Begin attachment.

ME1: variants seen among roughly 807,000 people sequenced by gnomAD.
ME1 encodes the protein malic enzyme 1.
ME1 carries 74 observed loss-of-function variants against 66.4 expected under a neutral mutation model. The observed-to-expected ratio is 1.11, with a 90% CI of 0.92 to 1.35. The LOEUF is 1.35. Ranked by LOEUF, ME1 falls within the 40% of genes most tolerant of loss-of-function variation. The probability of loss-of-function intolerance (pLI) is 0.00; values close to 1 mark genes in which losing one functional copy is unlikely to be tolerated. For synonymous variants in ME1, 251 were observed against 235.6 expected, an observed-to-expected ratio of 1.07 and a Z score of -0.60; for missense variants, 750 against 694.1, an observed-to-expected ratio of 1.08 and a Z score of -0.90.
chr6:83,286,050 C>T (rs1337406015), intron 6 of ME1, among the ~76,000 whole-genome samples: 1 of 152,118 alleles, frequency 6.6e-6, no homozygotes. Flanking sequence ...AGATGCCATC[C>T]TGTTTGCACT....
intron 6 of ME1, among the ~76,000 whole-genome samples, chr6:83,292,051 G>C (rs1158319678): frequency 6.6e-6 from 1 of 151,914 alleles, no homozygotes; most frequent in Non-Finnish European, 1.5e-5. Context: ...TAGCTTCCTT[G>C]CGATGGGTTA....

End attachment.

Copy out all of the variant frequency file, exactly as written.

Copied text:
ME1: variants seen among roughly 807,000 people sequenced by gnomAD.
ME1 encodes the protein malic enzyme 1.
ME1 carries 74 observed loss-of-function variants against 66.4 expected under a neutral mutation model. The observed-to-expected ratio is 1.11, with a 90% CI of 0.92 to 1.35. The LOEUF is 1.35. Ranked by LOEUF, ME1 falls within the 40% of genes most tolerant of loss-of-function variation. The probability of loss-of-function intolerance (pLI) is 0.00; values close to 1 mark genes in which losing one functional copy is unlikely to be tolerated. For synonymous variants in ME1, 251 were observed against 235.6 expected, an observed-to-expected ratio of 1.07 and a Z score of -0.60; for missense variants, 750 against 694.1, an observed-to-expected ratio of 1.08 and a Z score of -0.90.
chr6:83,286,050 C>T (rs1337406015), intron 6 of ME1, among the ~76,000 whole-genome samples: 1 of 152,118 alleles, frequency 6.6e-6, no homozygotes. Flanking sequence ...AGATGCCATC[C>T]TGTTTGCACT....
intron 6 of ME1, among the ~76,000 whole-genome samples, chr6:83,292,051 G>C (rs1158319678): frequency 6.6e-6 from 1 of 151,914 alleles, no homozygotes; most frequent in Non-Finnish European, 1.5e-5. Context: ...TAGCTTCCTT[G>C]CGATGGGTTA....